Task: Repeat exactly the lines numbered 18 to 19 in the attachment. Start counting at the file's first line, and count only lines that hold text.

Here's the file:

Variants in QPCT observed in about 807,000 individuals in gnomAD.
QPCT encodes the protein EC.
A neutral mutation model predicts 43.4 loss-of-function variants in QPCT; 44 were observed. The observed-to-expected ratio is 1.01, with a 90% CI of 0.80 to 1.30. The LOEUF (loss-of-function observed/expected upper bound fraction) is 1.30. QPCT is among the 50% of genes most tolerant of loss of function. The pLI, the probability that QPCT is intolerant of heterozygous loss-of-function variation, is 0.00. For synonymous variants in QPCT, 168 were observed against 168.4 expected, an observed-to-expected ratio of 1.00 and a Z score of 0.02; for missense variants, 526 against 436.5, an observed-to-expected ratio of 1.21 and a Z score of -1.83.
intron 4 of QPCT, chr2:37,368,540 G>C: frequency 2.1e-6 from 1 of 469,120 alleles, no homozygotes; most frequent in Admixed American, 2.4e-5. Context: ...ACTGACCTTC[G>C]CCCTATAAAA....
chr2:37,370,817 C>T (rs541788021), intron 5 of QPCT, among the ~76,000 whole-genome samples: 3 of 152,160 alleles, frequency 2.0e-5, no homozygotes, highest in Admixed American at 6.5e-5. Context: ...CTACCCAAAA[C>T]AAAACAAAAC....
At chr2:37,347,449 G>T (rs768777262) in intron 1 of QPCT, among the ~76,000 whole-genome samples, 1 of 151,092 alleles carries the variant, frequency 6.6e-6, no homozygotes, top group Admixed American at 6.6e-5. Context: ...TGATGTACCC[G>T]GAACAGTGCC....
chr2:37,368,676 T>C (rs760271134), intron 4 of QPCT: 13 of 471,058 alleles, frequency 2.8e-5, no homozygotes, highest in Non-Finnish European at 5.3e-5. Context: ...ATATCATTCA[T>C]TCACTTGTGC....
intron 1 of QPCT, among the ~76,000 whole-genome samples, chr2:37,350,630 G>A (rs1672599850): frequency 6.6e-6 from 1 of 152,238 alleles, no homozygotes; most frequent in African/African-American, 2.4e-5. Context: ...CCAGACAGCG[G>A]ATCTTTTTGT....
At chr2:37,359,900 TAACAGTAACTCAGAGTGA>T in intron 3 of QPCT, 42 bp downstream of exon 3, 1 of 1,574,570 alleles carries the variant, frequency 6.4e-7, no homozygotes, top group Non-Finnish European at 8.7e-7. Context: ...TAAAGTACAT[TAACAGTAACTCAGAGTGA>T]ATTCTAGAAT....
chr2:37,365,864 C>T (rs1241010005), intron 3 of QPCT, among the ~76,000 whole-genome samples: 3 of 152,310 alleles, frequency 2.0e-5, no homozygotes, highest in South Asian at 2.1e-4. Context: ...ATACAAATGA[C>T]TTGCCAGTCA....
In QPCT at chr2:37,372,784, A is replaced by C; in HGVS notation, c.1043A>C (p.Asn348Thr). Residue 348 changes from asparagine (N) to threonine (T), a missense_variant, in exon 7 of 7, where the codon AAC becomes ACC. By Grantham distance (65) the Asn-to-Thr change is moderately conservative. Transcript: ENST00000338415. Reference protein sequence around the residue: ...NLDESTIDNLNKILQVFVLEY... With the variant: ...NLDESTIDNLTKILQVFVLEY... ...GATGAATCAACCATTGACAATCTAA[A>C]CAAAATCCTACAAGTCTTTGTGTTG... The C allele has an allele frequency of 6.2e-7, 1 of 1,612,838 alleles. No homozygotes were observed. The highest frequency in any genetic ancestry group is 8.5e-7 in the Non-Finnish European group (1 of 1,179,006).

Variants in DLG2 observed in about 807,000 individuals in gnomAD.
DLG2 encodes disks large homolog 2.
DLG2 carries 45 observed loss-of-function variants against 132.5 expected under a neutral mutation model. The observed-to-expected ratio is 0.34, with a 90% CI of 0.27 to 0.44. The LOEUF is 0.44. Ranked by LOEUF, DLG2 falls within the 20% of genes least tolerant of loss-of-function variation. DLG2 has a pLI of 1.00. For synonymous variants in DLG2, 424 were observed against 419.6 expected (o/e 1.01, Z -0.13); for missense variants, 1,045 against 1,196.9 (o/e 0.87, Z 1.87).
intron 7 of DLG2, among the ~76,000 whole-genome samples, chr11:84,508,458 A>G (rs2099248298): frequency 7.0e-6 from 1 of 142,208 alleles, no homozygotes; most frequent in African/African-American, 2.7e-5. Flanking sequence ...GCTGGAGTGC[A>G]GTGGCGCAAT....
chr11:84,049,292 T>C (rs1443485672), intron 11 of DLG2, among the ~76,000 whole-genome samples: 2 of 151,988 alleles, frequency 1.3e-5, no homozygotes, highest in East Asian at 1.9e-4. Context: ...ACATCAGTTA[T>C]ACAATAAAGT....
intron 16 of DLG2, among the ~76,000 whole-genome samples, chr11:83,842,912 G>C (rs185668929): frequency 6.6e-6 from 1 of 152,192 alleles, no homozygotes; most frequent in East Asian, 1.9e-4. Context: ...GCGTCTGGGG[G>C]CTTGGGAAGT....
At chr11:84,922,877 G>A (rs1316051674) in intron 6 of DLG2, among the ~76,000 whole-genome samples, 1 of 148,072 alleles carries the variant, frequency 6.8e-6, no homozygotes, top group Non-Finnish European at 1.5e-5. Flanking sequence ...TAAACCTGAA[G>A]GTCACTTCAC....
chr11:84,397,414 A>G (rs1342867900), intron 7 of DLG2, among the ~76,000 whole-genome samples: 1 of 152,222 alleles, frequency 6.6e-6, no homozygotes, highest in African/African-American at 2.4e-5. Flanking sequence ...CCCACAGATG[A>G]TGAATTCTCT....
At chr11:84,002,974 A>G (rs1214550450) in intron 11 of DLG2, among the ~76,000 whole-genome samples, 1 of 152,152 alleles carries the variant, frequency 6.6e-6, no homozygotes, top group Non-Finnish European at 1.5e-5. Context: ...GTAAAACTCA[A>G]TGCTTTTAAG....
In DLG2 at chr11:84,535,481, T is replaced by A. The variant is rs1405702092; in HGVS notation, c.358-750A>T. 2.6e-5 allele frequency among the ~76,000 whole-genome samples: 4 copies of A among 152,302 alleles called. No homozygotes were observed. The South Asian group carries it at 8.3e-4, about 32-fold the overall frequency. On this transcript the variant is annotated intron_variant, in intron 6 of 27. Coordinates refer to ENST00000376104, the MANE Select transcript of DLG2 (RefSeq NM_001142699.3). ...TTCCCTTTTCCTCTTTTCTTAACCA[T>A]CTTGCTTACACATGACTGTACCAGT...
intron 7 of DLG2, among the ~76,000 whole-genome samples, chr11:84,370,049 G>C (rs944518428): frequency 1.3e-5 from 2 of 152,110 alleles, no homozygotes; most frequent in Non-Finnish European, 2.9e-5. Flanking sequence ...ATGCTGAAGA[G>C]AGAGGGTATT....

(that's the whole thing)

At chr11:84,922,877 G>A (rs1316051674) in intron 6 of DLG2, among the ~76,000 whole-genome samples, 1 of 148,072 alleles carries the variant, frequency 6.8e-6, no homozygotes, top group Non-Finnish European at 1.5e-5. Flanking sequence ...TAAACCTGAA[G>A]GTCACTTCAC....
chr11:84,397,414 A>G (rs1342867900), intron 7 of DLG2, among the ~76,000 whole-genome samples: 1 of 152,222 alleles, frequency 6.6e-6, no homozygotes, highest in African/African-American at 2.4e-5. Flanking sequence ...CCCACAGATG[A>G]TGAATTCTCT....